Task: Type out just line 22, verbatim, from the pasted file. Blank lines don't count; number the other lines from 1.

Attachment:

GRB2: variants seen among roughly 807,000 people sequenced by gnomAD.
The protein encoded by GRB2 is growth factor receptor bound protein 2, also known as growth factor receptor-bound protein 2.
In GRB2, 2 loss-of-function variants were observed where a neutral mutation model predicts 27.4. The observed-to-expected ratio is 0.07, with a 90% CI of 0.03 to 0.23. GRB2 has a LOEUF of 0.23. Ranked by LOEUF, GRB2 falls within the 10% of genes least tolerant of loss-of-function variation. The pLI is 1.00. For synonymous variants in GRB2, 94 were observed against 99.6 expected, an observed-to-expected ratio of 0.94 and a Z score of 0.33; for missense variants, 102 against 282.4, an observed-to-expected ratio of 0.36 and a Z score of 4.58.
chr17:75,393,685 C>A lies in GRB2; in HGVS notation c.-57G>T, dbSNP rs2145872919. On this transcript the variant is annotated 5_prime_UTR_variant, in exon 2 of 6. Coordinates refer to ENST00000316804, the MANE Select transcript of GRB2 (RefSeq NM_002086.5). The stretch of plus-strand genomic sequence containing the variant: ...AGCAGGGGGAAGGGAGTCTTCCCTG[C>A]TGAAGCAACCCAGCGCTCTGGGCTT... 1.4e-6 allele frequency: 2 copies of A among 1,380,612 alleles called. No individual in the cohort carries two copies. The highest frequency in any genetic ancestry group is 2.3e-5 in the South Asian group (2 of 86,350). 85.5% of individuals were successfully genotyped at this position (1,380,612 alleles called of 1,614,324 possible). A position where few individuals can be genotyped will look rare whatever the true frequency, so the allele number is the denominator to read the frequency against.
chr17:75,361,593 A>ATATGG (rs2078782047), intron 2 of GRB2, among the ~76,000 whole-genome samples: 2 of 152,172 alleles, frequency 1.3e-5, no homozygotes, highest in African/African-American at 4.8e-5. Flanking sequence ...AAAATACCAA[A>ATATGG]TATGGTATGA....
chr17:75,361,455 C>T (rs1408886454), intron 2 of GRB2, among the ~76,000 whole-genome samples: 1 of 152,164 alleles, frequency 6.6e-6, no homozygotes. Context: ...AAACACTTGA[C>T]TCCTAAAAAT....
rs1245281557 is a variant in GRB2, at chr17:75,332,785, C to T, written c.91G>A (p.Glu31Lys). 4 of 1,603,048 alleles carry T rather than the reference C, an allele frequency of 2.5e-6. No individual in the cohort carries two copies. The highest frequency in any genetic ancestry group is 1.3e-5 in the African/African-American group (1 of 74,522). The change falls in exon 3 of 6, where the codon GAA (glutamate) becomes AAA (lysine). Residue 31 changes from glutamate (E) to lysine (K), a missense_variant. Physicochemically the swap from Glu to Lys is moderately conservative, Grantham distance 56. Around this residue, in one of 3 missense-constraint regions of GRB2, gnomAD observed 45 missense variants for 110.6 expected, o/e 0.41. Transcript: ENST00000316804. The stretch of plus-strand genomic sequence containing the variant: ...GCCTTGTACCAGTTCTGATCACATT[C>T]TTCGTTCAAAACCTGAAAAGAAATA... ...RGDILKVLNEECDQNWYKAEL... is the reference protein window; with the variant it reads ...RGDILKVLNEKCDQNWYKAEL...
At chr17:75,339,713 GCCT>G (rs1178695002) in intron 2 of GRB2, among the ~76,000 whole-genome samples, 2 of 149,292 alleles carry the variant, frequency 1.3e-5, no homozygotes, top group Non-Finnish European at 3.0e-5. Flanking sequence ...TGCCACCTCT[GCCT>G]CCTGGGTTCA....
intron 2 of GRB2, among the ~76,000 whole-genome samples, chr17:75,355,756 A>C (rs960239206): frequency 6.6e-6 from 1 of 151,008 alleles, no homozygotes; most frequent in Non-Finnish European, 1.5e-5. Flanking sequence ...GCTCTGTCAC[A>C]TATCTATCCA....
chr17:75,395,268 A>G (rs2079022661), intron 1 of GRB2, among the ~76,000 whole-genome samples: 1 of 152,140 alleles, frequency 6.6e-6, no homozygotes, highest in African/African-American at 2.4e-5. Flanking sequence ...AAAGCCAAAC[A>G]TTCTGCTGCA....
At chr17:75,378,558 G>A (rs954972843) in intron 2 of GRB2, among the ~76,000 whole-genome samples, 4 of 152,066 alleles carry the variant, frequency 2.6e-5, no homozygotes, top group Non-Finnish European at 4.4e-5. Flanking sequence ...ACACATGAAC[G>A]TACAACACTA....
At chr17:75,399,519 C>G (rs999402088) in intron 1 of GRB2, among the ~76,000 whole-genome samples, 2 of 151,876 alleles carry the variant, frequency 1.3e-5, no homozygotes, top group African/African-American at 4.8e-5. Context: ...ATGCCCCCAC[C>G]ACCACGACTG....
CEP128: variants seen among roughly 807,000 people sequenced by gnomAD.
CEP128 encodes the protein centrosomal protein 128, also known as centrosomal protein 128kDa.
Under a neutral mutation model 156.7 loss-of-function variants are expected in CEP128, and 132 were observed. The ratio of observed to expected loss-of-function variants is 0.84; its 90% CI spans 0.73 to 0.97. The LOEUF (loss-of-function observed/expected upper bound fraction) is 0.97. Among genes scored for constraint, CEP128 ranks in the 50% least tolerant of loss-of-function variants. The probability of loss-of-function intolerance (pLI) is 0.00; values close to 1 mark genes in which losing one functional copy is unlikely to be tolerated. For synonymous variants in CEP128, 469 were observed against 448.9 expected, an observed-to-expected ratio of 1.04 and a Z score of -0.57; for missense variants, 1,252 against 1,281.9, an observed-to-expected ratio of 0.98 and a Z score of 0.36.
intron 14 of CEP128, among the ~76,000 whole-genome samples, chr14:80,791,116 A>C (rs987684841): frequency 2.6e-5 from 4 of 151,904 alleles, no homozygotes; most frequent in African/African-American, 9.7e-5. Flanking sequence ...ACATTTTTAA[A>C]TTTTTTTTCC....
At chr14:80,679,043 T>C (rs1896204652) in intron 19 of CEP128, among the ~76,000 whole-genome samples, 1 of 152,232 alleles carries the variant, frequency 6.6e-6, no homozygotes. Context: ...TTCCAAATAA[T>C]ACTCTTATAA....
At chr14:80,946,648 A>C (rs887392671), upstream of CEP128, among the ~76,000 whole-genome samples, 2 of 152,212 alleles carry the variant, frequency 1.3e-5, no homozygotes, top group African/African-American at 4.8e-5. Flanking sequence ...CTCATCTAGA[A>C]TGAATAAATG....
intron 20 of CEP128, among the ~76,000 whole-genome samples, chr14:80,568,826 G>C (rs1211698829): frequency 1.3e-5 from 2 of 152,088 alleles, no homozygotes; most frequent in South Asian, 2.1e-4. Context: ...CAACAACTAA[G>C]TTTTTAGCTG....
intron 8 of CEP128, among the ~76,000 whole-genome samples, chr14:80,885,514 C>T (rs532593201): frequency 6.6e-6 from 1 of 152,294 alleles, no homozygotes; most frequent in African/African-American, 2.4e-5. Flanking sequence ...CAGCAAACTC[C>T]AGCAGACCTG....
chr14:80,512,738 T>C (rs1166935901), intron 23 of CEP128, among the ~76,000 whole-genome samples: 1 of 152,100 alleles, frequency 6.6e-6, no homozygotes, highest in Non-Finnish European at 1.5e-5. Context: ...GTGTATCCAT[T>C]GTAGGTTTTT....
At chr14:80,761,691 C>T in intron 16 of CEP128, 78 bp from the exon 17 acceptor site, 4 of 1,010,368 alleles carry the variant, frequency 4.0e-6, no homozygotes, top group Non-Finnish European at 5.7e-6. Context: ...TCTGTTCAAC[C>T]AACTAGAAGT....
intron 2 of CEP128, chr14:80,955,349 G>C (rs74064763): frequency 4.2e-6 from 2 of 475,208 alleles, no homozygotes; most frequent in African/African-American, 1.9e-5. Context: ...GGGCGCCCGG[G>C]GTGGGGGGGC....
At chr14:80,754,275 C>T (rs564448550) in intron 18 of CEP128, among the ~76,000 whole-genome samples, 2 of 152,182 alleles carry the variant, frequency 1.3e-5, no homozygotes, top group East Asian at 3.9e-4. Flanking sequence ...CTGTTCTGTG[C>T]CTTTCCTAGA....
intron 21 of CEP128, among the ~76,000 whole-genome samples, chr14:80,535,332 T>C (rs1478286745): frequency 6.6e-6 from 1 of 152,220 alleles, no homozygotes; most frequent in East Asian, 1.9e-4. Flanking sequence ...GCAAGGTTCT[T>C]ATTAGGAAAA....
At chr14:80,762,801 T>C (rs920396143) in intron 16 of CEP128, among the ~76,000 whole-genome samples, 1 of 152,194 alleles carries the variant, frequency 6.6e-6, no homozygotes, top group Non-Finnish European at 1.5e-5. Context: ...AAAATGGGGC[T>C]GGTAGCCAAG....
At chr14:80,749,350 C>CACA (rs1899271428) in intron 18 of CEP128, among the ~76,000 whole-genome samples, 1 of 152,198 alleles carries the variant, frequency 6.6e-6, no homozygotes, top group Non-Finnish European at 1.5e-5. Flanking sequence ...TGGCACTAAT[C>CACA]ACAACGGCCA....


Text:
At chr14:80,761,691 C>T in intron 16 of CEP128, 78 bp from the exon 17 acceptor site, 4 of 1,010,368 alleles carry the variant, frequency 4.0e-6, no homozygotes, top group Non-Finnish European at 5.7e-6. Context: ...TCTGTTCAAC[C>T]AACTAGAAGT....